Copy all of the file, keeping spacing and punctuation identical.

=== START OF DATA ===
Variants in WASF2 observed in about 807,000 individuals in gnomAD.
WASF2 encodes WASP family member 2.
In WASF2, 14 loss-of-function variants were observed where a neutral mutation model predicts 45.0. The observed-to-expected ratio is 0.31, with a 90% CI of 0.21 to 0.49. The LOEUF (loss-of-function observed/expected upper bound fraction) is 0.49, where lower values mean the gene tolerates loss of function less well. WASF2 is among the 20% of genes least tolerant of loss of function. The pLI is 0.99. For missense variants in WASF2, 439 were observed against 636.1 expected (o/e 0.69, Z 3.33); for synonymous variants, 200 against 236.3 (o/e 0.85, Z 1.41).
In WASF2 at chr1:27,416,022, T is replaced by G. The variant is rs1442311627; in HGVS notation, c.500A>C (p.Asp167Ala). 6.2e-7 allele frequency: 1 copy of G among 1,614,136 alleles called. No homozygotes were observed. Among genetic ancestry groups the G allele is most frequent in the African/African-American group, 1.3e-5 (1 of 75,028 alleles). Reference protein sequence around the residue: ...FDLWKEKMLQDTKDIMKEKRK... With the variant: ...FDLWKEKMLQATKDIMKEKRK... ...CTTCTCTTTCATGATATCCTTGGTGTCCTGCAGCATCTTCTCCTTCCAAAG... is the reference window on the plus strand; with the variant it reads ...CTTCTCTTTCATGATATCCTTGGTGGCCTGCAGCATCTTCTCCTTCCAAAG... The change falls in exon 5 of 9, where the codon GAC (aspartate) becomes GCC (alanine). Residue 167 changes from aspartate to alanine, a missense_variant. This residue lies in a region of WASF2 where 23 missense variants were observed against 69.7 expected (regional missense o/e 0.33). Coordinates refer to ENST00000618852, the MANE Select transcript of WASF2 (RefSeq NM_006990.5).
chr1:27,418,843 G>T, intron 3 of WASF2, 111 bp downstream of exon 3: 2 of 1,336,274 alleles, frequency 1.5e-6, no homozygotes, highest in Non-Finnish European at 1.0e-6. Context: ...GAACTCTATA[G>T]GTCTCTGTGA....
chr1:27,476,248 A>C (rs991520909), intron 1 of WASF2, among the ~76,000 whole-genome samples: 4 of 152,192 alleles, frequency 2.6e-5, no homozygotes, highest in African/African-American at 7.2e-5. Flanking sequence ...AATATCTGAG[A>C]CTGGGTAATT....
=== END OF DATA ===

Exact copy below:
Variants in WASF2 observed in about 807,000 individuals in gnomAD.
WASF2 encodes WASP family member 2.
In WASF2, 14 loss-of-function variants were observed where a neutral mutation model predicts 45.0. The observed-to-expected ratio is 0.31, with a 90% CI of 0.21 to 0.49. The LOEUF (loss-of-function observed/expected upper bound fraction) is 0.49, where lower values mean the gene tolerates loss of function less well. WASF2 is among the 20% of genes least tolerant of loss of function. The pLI is 0.99. For missense variants in WASF2, 439 were observed against 636.1 expected (o/e 0.69, Z 3.33); for synonymous variants, 200 against 236.3 (o/e 0.85, Z 1.41).
In WASF2 at chr1:27,416,022, T is replaced by G. The variant is rs1442311627; in HGVS notation, c.500A>C (p.Asp167Ala). 6.2e-7 allele frequency: 1 copy of G among 1,614,136 alleles called. No homozygotes were observed. Among genetic ancestry groups the G allele is most frequent in the African/African-American group, 1.3e-5 (1 of 75,028 alleles). Reference protein sequence around the residue: ...FDLWKEKMLQDTKDIMKEKRK... With the variant: ...FDLWKEKMLQATKDIMKEKRK... ...CTTCTCTTTCATGATATCCTTGGTGTCCTGCAGCATCTTCTCCTTCCAAAG... is the reference window on the plus strand; with the variant it reads ...CTTCTCTTTCATGATATCCTTGGTGGCCTGCAGCATCTTCTCCTTCCAAAG... The change falls in exon 5 of 9, where the codon GAC (aspartate) becomes GCC (alanine). Residue 167 changes from aspartate to alanine, a missense_variant. This residue lies in a region of WASF2 where 23 missense variants were observed against 69.7 expected (regional missense o/e 0.33). Coordinates refer to ENST00000618852, the MANE Select transcript of WASF2 (RefSeq NM_006990.5).
chr1:27,418,843 G>T, intron 3 of WASF2, 111 bp downstream of exon 3: 2 of 1,336,274 alleles, frequency 1.5e-6, no homozygotes, highest in Non-Finnish European at 1.0e-6. Context: ...GAACTCTATA[G>T]GTCTCTGTGA....
chr1:27,476,248 A>C (rs991520909), intron 1 of WASF2, among the ~76,000 whole-genome samples: 4 of 152,192 alleles, frequency 2.6e-5, no homozygotes, highest in African/African-American at 7.2e-5. Flanking sequence ...AATATCTGAG[A>C]CTGGGTAATT....